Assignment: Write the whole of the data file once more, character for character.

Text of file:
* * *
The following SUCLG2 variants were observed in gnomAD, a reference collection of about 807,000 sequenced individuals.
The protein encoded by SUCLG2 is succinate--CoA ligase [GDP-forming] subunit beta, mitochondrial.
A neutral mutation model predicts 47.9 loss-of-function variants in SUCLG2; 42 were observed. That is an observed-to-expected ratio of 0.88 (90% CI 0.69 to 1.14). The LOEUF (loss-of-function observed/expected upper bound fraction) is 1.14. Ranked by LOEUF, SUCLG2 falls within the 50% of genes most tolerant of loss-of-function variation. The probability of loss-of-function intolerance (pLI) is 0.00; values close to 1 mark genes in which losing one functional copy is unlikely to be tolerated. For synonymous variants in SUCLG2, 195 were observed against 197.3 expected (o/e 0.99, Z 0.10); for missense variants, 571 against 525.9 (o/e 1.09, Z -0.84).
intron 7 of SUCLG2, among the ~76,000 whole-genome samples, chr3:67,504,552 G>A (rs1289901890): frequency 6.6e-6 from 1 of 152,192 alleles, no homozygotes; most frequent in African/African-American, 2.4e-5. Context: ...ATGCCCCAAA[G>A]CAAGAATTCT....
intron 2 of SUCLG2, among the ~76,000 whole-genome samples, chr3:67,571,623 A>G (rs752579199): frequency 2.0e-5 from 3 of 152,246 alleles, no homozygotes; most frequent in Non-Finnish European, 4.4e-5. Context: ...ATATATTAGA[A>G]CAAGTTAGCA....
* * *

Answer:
The following SUCLG2 variants were observed in gnomAD, a reference collection of about 807,000 sequenced individuals.
The protein encoded by SUCLG2 is succinate--CoA ligase [GDP-forming] subunit beta, mitochondrial.
A neutral mutation model predicts 47.9 loss-of-function variants in SUCLG2; 42 were observed. That is an observed-to-expected ratio of 0.88 (90% CI 0.69 to 1.14). The LOEUF (loss-of-function observed/expected upper bound fraction) is 1.14. Ranked by LOEUF, SUCLG2 falls within the 50% of genes most tolerant of loss-of-function variation. The probability of loss-of-function intolerance (pLI) is 0.00; values close to 1 mark genes in which losing one functional copy is unlikely to be tolerated. For synonymous variants in SUCLG2, 195 were observed against 197.3 expected (o/e 0.99, Z 0.10); for missense variants, 571 against 525.9 (o/e 1.09, Z -0.84).
intron 7 of SUCLG2, among the ~76,000 whole-genome samples, chr3:67,504,552 G>A (rs1289901890): frequency 6.6e-6 from 1 of 152,192 alleles, no homozygotes; most frequent in African/African-American, 2.4e-5. Context: ...ATGCCCCAAA[G>A]CAAGAATTCT....
intron 2 of SUCLG2, among the ~76,000 whole-genome samples, chr3:67,571,623 A>G (rs752579199): frequency 2.0e-5 from 3 of 152,246 alleles, no homozygotes; most frequent in Non-Finnish European, 4.4e-5. Context: ...ATATATTAGA[A>G]CAAGTTAGCA....